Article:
Last weekend Bark said that spring had finally arrived, and this week it felt like we had gone straight into summer. With the hottest April day recorded in the country for 70 years, and with a hot weekend forecast crowds of people came down to the moor to enjoy the birds, wildlife and countryside walks. The weather also helped the migrating birds as more of the regular summer migrants swelled the ranks of the early arrivals to fill the hedges, skies and reed beds. The Blackthorn bushes are full of blossom and the sunshine this week has really got the leaves going on the trees and bushes.
|Blackthorn in bloom|
Lots of different warblers can be heard from the car park, and if you listen carefully you can hear the distant reeling of a Grasshopper Warbler reeling in its usual area up by the feeders. Blackcap, Willow Warbler and Chiffchaff soon followed. The walk from the car park to the main bridleway had more warblers singing away, while some were hidden in the bushes, others decided to get on the top of the bush to blast out their song. The skulking Lesser Whitethroat kept hidden away, as did the Grasshopper Warbler, but the Sedge Warblers could be seen near the tops of the bushes with their heads back singing away. A Whitethroat perched on the wires along the track and had a quick burst of song before diving for cover. Lesser Whitethroats are calling from all over the moor but so far there aren’t as many Common Whitethroat about. I expect they will soon arrive in numbers and be spread over the moor as usual by next weekend. Cetti’s Warblers were easily picked up around the moor as they blasted out their song, often as you have just walked past. A Grasshopper Warbler was quite showy half way along the track to the first screen in the same place as last year. Garden Warblers were new arrivals this week and could be seen along the Roman road and the main bridleway, out in the open in the same area as last year. With Reed Warblers singing in the ditch around Greenaways it doesn’t take long to notch off the ten warblers that are usually found on the moor each year. With patience all the warblers can be seen well on the moor. There’s still time to pick up a passing Wood Warbler so hopefully one will drop in this week to keep the year list ticking over.
There have been a few sightings of Wheatear on the moor this spring and even though the number of sighting may be down on previous years there were three around the cattle pens on Friday, one on the Closes on Saturday and two on Big Otmoor on Sunday.
With clear skies some of the raptors stretched their wings and circled up high above the moor. Red Kites, Buzzards and Sparrowhawk all circled overhead. A Peregrine was seen out on its regular post on Sunday on Greenaways and the regular Marsh Harriers were seen coming and going over the reed bed area. A single Hobby was seen on Friday evening and another three were seen on Sunday which were new for the Otmoor year list.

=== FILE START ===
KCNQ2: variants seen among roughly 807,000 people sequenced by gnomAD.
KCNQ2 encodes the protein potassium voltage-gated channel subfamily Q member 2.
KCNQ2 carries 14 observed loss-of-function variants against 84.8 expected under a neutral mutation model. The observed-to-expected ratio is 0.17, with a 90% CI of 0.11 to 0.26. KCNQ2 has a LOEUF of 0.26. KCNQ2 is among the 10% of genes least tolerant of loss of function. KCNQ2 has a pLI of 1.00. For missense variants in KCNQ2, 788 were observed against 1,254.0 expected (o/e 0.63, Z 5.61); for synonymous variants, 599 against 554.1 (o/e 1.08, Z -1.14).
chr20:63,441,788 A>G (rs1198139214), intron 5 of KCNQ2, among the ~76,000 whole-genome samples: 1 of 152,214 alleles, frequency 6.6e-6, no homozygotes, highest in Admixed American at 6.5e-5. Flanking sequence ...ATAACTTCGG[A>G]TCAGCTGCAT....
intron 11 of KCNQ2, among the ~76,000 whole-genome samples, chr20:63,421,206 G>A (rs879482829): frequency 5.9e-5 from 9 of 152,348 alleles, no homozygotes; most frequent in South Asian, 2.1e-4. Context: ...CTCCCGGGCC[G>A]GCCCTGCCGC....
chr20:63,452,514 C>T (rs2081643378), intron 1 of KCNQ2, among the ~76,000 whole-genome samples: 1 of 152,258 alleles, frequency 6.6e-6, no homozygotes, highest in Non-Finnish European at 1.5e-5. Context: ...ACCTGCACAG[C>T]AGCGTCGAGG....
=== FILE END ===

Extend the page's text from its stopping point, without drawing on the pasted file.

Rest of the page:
Hares were dotted around the reserve and can be seen quite easily at this time of year. The sunshine encouraged the Grass Snakes and Common Lizards out into the open along the bridleway and at the Lizard Lounge in front of the first screen.
Ravens can often be picked up by their kronking call and one was seen flying over towards Oddington and two were seen drifting up high on a thermal over Greenaways. Woodcock and Jack Snipe were both seen over the weekend and were probably passing through. Booming Bittern was heard from the reed bed and three were seen flying over in the week. Grey Herons can be seen on nests in the reed bed and around the moor hunting for food.
Even though there are a good number of birds singing away on the reserve the Skylark must take the prize as the most persistent as they are all over the reserve brightening up the day with their song filling the air. Meadow pipits were heard singing out on the moor and Cuckoos were heard more often than they were seen however there are at least three flying around the area.
|Cuckoo, courtesy of John Reynolds|
A Curlew was seen chasing off a Red Kite that must have got too close for comfort south of the reserve and others were calling off to the east. Snipe have started drumming and are a great addition to the sounds on the moor at this time of year. There is still at least one Black Tailed Godwit on Big Otmoor and another new addition to the year list was a Whimbrel seen out on Big Otmoor. These birds are often picked up each year flying over so it was nice to see one hanging around on Saturday and Sunday.
Without doubt the bird of the weekend was a Pied Flycatcher and was seen by two of the weekend regulars. A great bird for the Otmoor year list and quite a difficult one to catch up with in Oxfordshire each year. Unfortunately it didn’t hang around and even though we searched all over for it we couldn’t find it again. It just goes to show that things are passing through and you have to be out and about to pick them up. Who knows what new birds will be added to the list over the coming week, hopefully something new for the reserve, well you have to live in hope!